By , March 11, 2011.

A Blogging Hiatus — Ben Sheffner has put his site, Copyrights and Campaigns, on hiatus after his recent move from NBC Universal to Content Protection Counsel at the MPAA. Since the end of 2008, Ben has brought solid, in-depth reporting and analysis on copyright issues from a reasonable, pro-copyright-owner perspective. His voice will be missed in the blogosphere.

Stuck on Rewind — The Copyright Alliance takes aim at a remark by Public Knowledge about the film industry’s supposed fear of technology. As the Alliance’s Sandra Aistars responds: “Seriously? The notion that the creative world is somehow afraid of, opposed to or otherwise unable to co-exist with a 21st Century technology world is about as up-to-date as the Betamax recorder.”

Copyright PSA for the Reel Challenge via Ray Dowd’s Copyright Litigation Blog. More from the filmmakers behind the video at


Golan v. Holder: Supreme Court to Review Copyrighting Works in Public Domain — Edward Lee (a former professor of mine) shares some thoughts on the case he helped bring which was recently granted cert by the Supreme Court. I wrote a brief summary of the case last week.

Are Canada’s copyright laws friendly or unfriendly towards wealth destroyers according to Prof. Geist? — Barry Sookman thoroughly examines the inconsistent and contradictory claims of law professor Michael Geist concerning litigation between the CRIA and IsoHunt. Worth a read, especially since many of Geist’s copyright claims are repeated as gospel among copyright critics.

Isaac Newton’s Shamefully Unpublished Calculus Book — I’m currently reading a book on the history of mathematics and came across this gem of an article from the mid-90s. For over a decade, we’ve heard of how computers and the internet will free artists from the evils of book publishers (or record labels, or film studios, etc). Much of the talk is hype, but sometimes, as this article demonstrates, things are just flat-out made up.


  1. Barry Sookman’s piece on Michael Geist is great. Nice find, thanks!

  2. I find Mr. Lee’s (and that of many others) attempting to associate materials for which copyright has lapsed as comprising “public property” to be a fundamental distortion of property law in general.

    A hallmark of the social construct known as “property” is the right to exclude. Thus, I find it difficult to accept as a general proposition that the absense of a right to exclude can likewise be characterized as “property” in the context of copyright.

    Obviously, it is possible that the “public at large” is capable of owning property (e.g., the transfer of fee title to land underlying a right-of-way”), but this is a far cry from what is involved under our copyright laws.

  3. The PSA was boring, until the end when it put up the message about the poor artists.

    I wonder how much the artists get compared to the Sonys and Warner Brothers of the world?

    It makes the whole message less genuine.

    Just Wonderin’,

  4. I’m finding Sandra Aistars argument seems not to follow what Public Knowledge is saying in their statement. PK is talking about distribution to meet the needs of the consumers.

    Aistars is discussing selective discrimination based on what the artist supposedly needs.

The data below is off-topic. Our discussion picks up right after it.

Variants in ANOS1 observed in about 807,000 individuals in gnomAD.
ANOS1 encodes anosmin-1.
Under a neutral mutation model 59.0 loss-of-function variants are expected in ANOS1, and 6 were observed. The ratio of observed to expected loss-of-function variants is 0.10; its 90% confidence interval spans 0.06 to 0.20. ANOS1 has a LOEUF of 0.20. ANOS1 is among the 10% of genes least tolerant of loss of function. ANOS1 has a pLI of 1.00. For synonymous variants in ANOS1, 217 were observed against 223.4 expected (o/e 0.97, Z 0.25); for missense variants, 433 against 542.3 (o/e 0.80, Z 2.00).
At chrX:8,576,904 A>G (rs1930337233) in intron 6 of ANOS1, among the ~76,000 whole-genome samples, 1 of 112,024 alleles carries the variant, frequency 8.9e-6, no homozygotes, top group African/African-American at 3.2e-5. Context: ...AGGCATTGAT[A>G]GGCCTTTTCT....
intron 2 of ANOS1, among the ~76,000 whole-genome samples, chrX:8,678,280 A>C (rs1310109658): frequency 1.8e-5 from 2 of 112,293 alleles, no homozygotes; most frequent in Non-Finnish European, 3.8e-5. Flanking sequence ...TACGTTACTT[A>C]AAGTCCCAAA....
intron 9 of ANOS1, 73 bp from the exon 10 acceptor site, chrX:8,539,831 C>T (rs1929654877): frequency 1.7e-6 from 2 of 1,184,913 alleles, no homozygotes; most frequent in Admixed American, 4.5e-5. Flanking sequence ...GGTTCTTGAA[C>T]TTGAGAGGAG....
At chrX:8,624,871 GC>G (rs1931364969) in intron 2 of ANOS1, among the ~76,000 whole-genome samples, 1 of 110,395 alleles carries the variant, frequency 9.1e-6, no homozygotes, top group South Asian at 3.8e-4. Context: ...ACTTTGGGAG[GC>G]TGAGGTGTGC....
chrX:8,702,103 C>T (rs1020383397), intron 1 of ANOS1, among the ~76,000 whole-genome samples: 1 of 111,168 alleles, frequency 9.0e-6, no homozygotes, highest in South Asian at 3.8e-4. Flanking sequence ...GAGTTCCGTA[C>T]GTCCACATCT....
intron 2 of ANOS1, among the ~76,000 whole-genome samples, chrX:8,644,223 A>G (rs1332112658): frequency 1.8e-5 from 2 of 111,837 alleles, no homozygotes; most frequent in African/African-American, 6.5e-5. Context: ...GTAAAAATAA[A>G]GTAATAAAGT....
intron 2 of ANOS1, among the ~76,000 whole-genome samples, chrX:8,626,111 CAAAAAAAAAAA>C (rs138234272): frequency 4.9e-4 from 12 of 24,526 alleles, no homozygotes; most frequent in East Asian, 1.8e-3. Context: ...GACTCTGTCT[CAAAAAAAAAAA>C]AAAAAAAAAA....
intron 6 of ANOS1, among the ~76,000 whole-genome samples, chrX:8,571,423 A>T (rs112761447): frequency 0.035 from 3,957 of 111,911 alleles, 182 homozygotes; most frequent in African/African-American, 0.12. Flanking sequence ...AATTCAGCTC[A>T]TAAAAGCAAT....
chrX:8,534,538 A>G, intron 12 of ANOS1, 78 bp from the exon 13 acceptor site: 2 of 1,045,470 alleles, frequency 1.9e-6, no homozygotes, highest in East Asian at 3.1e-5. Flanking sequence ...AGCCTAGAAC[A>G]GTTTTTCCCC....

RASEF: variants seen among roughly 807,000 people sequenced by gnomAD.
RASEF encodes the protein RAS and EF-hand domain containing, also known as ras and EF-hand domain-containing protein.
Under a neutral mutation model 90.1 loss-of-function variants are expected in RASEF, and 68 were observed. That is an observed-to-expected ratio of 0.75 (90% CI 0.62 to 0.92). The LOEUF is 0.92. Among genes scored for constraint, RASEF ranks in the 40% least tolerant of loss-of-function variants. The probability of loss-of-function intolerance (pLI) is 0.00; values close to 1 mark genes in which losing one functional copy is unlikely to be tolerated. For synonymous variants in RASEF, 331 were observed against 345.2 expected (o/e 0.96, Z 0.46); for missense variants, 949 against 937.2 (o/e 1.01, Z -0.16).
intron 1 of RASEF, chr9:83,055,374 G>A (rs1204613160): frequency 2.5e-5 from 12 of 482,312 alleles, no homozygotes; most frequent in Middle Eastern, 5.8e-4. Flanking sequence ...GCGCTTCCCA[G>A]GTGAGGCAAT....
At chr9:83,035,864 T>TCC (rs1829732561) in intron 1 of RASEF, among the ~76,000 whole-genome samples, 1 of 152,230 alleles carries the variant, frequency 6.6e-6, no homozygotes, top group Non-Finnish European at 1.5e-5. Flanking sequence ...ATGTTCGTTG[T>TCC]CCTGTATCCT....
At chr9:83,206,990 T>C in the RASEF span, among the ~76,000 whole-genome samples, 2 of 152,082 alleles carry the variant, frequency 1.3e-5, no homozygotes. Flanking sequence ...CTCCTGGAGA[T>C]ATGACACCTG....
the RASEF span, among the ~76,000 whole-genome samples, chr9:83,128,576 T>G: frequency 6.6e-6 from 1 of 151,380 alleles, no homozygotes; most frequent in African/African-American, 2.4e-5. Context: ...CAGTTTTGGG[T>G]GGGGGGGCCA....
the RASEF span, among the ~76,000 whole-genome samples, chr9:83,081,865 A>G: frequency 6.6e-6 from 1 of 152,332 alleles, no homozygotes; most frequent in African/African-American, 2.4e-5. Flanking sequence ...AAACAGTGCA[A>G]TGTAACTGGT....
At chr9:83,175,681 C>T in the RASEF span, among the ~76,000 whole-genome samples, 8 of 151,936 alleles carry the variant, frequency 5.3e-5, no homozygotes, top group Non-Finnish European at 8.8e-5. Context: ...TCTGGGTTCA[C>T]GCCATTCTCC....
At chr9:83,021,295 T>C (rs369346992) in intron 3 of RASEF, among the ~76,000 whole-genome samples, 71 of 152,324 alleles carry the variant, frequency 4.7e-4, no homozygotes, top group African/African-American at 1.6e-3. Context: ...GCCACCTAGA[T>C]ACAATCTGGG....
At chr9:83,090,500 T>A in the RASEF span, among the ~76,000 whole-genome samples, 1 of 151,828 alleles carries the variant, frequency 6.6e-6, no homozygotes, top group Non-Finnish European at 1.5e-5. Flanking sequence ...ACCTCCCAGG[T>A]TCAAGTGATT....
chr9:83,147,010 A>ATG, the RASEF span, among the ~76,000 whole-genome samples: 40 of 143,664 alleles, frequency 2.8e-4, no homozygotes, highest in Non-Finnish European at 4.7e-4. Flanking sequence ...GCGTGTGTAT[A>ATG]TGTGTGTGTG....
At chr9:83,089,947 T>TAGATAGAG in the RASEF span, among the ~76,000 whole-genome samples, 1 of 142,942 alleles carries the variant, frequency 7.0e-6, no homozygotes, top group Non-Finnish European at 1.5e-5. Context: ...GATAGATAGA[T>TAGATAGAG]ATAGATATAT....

To say nothing of the myriad other creative industries who license and use technology to distribute copyrighted works, including recorded music, books, news media – even sheet music publishing.

    This is rather disingenuous since people have automatic copyright upon creation of a work, not saying anything about different licensing schemes that people use to spread those works. It’s basically a comment about how pizza is great but you forget to put in tomato sauce which changes everything.

    The last paragraph is rather chuckle inducing:
    ““Such groups seem to reflexively label every step taken by copyright owners against online theft as a mortal threat to the Internet; continually predict dire outcomes if the arguments of copyright owners and creators prevail; support enforcement strategies in the abstract, only to attack them as soon as they are deployed; stoutly defend technologies that are widely used to steal copyrighted materials, while attacking technologies that could be used to defend copyright; predictably oppose virtually all proposals for better or more efficient copyright law enforcement; and sometimes even encourage intermediaries to follow a path of ‘plausible deniability,’ instead of constructive cooperation, about online copyright theft.”

    A meaningful and relevant discussion must be rooted in present-day realities, not decades-old rhetoric.”

    1) It’s not artists going out to sue possible customers for links to websites, for domain seizures, nor forcing expensive lawsuits through the judicial system for $1 trillion dollars for inducement.

    2) See 1 regarding domain seizures.

    3) distribution := stealing – When the movie industry continues to make profit hand over fist in theater distribution it hurts their argument greatly. It also hurts their argument that even Warner Bros can figure out that pirates want content. They just have to find a way to make it happen without the litigious route.

    4) Let’s see, 1st Amendment rights along with 4th Amendment rights to privacy, vs an industry’s right to throw people under the bus for finding ways to find links at a cheaper price than those set…

    Here’s an even better idea, if law enforcement actually did things by the book, why are so many noting their ineffectiveness?

    The final point is that if you take all of these together, along with looking at their supposed “advancement”, this is really coming off as more a waste of time for the big guys who are fighting to try to control something short of a wave in the ocean.